There generally are two commonalities with NFL coaches playing it coy about which quarterback will start Sunday: 1) They’re not nearly as clever as they think they are; and 2) It rarely if ever makes a difference.
On Wednesday, Buccaneers coach Dirk Koetter predictably tried to keep everybody in suspense when asked whether Ryan Fitzpatrick or Jameis Winston will start Sunday against the Bears at Soldier Field. Though Winston is eligible to play after a three-game suspension for violating the NFL’s personal-conduct policy, Fitzpatrick is expected to start after setting an NFL record by throwing for 400 or more yards in the first three games in place of Winston.
“Oh, didn’t I tell you that?” Koetter said playfully on a conference call with Bears media reporters. “I don’t think you asked me.”
Well, is he?
“We’re gonna go with Ryan Griffin,” Koetter said, referring to the Buccaneers’ third-string quarterback. “I’m giving you guys a scoop. Ryan Griffin.”
Hardy har har. It’s an age-old game coaches love to play, but more often than not the advantage is perceived more than real. It might make a difference if one quarterback is a runner and the other is a pocket passer. But Fitzpatrick and Winston are pocket passers running the same offense. It’s one of those curious bits of football gamesmanship that coaches can’t resist, even though it almost never makes a difference.
Has Koetter ever seen it make a difference?
“That’s not my problem,” he said.
Has Bears coach Matt Nagy ever seen it make a difference?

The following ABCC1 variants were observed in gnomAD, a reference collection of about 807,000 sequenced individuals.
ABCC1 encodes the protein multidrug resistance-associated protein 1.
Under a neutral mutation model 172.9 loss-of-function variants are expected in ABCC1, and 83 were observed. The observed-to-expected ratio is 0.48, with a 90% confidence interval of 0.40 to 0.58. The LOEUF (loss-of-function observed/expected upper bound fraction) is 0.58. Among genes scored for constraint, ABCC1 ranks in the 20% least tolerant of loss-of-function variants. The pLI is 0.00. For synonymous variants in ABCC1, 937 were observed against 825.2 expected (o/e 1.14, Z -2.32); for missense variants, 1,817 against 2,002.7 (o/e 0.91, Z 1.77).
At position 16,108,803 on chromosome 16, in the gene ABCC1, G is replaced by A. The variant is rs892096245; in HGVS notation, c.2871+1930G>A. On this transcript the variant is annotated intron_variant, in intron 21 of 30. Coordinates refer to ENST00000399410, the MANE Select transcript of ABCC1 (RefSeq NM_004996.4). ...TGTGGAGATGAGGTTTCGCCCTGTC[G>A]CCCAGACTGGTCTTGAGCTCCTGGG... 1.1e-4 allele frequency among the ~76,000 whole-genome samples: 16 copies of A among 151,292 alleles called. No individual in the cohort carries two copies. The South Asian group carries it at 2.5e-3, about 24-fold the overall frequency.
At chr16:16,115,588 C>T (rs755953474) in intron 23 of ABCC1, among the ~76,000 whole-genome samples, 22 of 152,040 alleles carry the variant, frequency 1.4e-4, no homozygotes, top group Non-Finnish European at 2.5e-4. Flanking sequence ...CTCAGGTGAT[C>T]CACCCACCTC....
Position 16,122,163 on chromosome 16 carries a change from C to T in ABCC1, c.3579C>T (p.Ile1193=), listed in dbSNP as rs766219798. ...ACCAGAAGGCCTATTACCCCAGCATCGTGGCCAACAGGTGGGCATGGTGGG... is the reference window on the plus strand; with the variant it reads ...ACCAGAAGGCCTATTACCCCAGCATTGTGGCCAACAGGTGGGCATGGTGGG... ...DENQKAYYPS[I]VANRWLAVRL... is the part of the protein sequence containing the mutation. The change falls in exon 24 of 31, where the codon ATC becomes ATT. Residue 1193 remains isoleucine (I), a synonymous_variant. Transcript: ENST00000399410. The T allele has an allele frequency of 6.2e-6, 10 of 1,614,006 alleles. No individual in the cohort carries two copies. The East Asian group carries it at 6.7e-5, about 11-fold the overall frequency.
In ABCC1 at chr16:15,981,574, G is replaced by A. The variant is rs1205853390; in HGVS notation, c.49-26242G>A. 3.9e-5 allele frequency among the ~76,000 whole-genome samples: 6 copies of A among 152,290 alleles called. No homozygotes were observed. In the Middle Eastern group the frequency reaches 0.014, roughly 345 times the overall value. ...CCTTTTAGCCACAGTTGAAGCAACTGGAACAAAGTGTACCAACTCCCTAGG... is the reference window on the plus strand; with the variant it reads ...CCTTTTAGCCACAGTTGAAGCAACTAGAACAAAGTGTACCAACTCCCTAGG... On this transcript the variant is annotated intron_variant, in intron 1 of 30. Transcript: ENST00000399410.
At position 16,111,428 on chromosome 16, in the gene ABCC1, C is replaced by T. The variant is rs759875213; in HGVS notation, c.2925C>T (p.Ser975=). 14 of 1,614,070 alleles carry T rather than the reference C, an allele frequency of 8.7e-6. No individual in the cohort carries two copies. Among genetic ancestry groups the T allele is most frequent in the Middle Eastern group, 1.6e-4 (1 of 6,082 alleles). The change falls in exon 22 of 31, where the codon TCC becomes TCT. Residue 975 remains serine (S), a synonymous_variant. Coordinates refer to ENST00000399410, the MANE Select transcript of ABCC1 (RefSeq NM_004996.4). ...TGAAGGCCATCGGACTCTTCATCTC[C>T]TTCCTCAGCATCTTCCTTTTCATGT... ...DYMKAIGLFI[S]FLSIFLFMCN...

“Not necessarily,” Nagy said. “You understand completely why they would hold back, but to each their own.”
Or, as Bears cornerback Kyle Fuller put it, “It makes sense [to do it]. It doesn’t really matter, though. I don’t pay attention to it, so it doesn’t matter to me.”
And on paper if not on the field, the Bucs’ great unknown could be trumped by the Bears’ great known — red-hot outside linebacker Khalil Mack will gladly harass either one of them.
“Man, that’s the whole point in playing in the NFL — you have to be prepared,” Mack said. “You get paid to go out and . . . no matter who it is, you’ve got to be prepared. That’s going to be a challenge.”
Koetter at least has the Bears guessing.
“I think we could end up seeing [Fitzpatrick], but I don’t know,” Nagy said. “What they’ve done with him is very impressive. But we’ll see. I know that [defensive coordinator] Vic [Fangio] will have those guys ready for both.”
Fitzpatrick’s big-play ability will be a challenge for a Fangio defense that leads the league in sacks (14), is second in takeaways (eight) and is fifth in yards allowed. He leads the NFL in passing yards (1,230) and yards per attempt (11.1) and is second in touchdown passes (11) and passer rating (124.8).
The Bucs already have five pass plays of 50 yards or more — 50 and 51 yards to 6-5, 230-pound wide receiver Mike Evans (23 receptions, 367 yards, three touchdowns), 75 and 58 yards to deep threat DeSean Jackson (12-312, three touchdowns) and 58 yards to tight end O.J. Howard (11-222, one touchdown). The Bears are 11th in the NFL in passing yards allowed, with seven plays of 30 yards or more.
Now they face the most prolific passer in the league in Fitzpatrick. Unless it’s Winston. Or Griffin.
“You need to try to figure out — maybe guess which one you’re going to see more of,” Nagy said when asked about defensive preparations. “Vic’ll have that all set. They’re both really good quarterbacks. Ryan, the way he’s playing, he has them as the No. 1 offense statistically with yards per game. So we have to prepare for that, then be able to adjust if it is Jameis.”